Issues That Will Shape 2022 And Beyond
Supply chain experts need a “totally different perspective on inventory management” in the wake of the worldwide COVID-19 pandemic and its aftershocks.
That means moving from “Just-in-Time” inventory distribution programs to “Just-in-Case” worldwide distribution strategies.
That would mean more industrial production in or near North America or closer to where customers exist.
That’s the word from UPS CEO Carol Tomé, who discussed issues that will shape 2022 and beyond during the U.S. Chamber of Commerce’s State of American Business video conference on January 11. Issues she covered included economic trends and global competition to policy challenges and opportunities.
“There’s been a few wake-up calls throughout the year,” Tomé said.
UPS is one of the stars of the COVID-19 era. Its 540,000 worldwide employees have delivered more than 1 billion COVID vaccines around the globe with a stunning 99.9% on-time rate to some of the most remote places on earth, she said.
In delivering those doses “It’s not just the number, it’s how we did it,” Tomé said.
Using sensors on every package, UPS tracked every dose and delivered vaccines with 99.9 on-time records. “We’re proud of that,” she said.
“It’s been an incredible journey,” she said. “We were a 112-year-old company, and we weren’t ready for the pandemic.”
Tomé assumed the top post at UPS in March of 2020. The company was immediately hit by a global pandemic followed by a supply chain crisis and a labor shortage. How has that affected the world’s largest transportation company?
Her first act was to order enough personal protective gear for UPS employees. To help distribute the gear, she said, UPS hired 40,000 additional workers.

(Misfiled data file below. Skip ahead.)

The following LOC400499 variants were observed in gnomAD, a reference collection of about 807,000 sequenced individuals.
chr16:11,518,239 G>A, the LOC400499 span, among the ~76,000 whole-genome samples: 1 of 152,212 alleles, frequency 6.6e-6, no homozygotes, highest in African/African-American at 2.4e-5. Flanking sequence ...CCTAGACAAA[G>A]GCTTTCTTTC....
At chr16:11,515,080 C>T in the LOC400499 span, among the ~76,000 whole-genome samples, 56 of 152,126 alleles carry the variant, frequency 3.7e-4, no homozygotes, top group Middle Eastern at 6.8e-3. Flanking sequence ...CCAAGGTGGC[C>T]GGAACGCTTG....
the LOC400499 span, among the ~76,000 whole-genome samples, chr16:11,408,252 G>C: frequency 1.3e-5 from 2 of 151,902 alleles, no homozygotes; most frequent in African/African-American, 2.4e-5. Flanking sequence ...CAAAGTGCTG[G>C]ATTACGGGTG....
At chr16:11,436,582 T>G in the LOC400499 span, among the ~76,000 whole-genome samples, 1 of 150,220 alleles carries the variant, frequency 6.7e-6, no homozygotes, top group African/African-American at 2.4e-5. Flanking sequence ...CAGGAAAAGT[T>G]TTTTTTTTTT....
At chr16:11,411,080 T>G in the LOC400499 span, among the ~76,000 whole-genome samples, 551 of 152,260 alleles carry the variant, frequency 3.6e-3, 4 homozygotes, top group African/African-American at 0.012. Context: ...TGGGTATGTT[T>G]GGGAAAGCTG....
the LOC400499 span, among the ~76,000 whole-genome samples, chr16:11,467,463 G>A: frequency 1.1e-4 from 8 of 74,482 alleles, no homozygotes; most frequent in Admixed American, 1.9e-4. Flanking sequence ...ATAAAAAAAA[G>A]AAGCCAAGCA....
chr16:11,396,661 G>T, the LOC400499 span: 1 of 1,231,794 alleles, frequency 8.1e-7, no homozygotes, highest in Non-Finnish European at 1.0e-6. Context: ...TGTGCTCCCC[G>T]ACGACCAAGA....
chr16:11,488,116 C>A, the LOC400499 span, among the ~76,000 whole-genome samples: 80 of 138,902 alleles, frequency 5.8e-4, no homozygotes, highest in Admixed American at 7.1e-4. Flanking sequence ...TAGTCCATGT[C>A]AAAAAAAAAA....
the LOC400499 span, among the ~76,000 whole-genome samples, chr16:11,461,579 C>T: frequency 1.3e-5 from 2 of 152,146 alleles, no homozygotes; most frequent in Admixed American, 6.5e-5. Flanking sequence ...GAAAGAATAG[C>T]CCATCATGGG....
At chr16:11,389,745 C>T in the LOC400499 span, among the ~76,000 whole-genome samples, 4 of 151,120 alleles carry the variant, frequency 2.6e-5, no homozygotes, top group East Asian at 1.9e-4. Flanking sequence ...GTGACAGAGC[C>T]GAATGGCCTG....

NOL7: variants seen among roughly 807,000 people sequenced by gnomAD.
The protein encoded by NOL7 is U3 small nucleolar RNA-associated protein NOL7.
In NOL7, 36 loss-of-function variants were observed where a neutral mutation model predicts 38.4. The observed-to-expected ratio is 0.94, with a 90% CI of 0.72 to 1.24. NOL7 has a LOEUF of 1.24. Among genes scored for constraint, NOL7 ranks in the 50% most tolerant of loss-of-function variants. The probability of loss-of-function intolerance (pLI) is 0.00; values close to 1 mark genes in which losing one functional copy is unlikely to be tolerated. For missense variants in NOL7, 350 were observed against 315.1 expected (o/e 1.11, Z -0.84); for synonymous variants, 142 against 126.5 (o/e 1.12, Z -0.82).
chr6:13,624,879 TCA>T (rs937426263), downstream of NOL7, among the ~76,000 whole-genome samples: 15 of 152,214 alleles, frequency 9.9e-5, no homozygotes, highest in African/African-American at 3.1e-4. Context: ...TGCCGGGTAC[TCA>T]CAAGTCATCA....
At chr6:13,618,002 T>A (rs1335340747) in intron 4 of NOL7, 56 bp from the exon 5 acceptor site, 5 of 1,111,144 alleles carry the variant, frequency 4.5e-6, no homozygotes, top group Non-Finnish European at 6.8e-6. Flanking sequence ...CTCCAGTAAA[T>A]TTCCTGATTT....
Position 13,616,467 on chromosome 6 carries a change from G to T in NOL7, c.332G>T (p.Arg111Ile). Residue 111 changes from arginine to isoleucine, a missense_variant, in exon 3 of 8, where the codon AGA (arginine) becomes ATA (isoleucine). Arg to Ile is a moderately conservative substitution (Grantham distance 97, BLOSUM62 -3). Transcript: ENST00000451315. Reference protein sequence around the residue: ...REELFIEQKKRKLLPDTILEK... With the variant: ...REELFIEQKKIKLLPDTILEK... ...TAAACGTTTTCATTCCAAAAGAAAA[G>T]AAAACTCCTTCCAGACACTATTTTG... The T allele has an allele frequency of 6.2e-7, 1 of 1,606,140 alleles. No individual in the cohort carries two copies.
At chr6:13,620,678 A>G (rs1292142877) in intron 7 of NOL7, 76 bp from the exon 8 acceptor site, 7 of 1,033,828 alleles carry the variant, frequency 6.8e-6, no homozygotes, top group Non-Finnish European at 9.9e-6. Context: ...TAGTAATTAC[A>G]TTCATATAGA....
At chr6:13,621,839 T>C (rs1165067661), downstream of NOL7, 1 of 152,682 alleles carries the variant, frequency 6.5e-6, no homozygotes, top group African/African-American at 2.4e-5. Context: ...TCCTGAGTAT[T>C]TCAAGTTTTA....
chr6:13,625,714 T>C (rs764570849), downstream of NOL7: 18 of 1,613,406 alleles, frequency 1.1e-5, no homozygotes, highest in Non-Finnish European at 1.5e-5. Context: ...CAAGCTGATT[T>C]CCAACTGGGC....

Moving our world forward to deliver what matters is her mantra. “We don’t just move goods. We do good,” she said.
UPS made serious investments in both services and its employees, including raises for workers.
“In these unprecedented times, UPS just didn’t survive. We thrived,” Tomé said,
In addition, the UPS Foundation, its charitable arm, delivered another 20 million doses to the underdeveloped world. Those deliveries included some via drone in Rwanda.
“Innovation-driven is part of our strategic platform,” she said. “Technology is leading the world. But digital learning will give way to digital fluency.”
UPS has declared a goal to be carbon-neutral by 2050. UPS is looking into battery-powered aircraft, taking first deliveries of that type of plane in 2024. Drones “have lots of issues,” Tomé said. But she did predict they would have a utility in world transportation soon.
As for the labor shortage, Tomé said the Teamsters-covered company looks at its workers as “the secret sauce” of the $84.6 billion company. It hired more than 100,000 seasonal workers during Christmas, and Tomé said about a third will stay on with the company.
“We have career opportunities, not just job opportunities,” she said. “We’ve been able to manage through it pretty well.”
UPS Teamsters pay nothing for full health care coverage. To which Tomé said, “How cool is that?”
Related Article: Fundamental Supply Chain Changes in a Post-COVID-19 World
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